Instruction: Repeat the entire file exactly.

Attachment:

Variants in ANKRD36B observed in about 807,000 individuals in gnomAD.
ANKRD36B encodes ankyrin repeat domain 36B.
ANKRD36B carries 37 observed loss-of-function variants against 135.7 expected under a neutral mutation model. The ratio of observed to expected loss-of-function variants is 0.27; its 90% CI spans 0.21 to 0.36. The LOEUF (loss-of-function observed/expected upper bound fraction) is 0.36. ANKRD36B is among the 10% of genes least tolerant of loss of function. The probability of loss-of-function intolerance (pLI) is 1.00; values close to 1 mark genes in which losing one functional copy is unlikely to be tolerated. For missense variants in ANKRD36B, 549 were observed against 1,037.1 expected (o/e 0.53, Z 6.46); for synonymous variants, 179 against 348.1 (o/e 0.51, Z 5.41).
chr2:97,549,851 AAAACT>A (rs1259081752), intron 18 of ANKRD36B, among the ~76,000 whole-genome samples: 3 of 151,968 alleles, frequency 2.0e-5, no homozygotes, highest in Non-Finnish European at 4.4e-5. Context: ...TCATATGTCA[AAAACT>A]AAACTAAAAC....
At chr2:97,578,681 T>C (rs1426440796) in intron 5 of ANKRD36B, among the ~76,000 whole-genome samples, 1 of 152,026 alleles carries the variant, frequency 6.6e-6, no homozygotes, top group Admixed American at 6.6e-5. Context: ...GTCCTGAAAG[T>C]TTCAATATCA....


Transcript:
Variants in ANKRD36B observed in about 807,000 individuals in gnomAD.
ANKRD36B encodes ankyrin repeat domain 36B.
ANKRD36B carries 37 observed loss-of-function variants against 135.7 expected under a neutral mutation model. The ratio of observed to expected loss-of-function variants is 0.27; its 90% CI spans 0.21 to 0.36. The LOEUF (loss-of-function observed/expected upper bound fraction) is 0.36. ANKRD36B is among the 10% of genes least tolerant of loss of function. The probability of loss-of-function intolerance (pLI) is 1.00; values close to 1 mark genes in which losing one functional copy is unlikely to be tolerated. For missense variants in ANKRD36B, 549 were observed against 1,037.1 expected (o/e 0.53, Z 6.46); for synonymous variants, 179 against 348.1 (o/e 0.51, Z 5.41).
chr2:97,549,851 AAAACT>A (rs1259081752), intron 18 of ANKRD36B, among the ~76,000 whole-genome samples: 3 of 151,968 alleles, frequency 2.0e-5, no homozygotes, highest in Non-Finnish European at 4.4e-5. Context: ...TCATATGTCA[AAAACT>A]AAACTAAAAC....
At chr2:97,578,681 T>C (rs1426440796) in intron 5 of ANKRD36B, among the ~76,000 whole-genome samples, 1 of 152,026 alleles carries the variant, frequency 6.6e-6, no homozygotes, top group Admixed American at 6.6e-5. Context: ...GTCCTGAAAG[T>C]TTCAATATCA....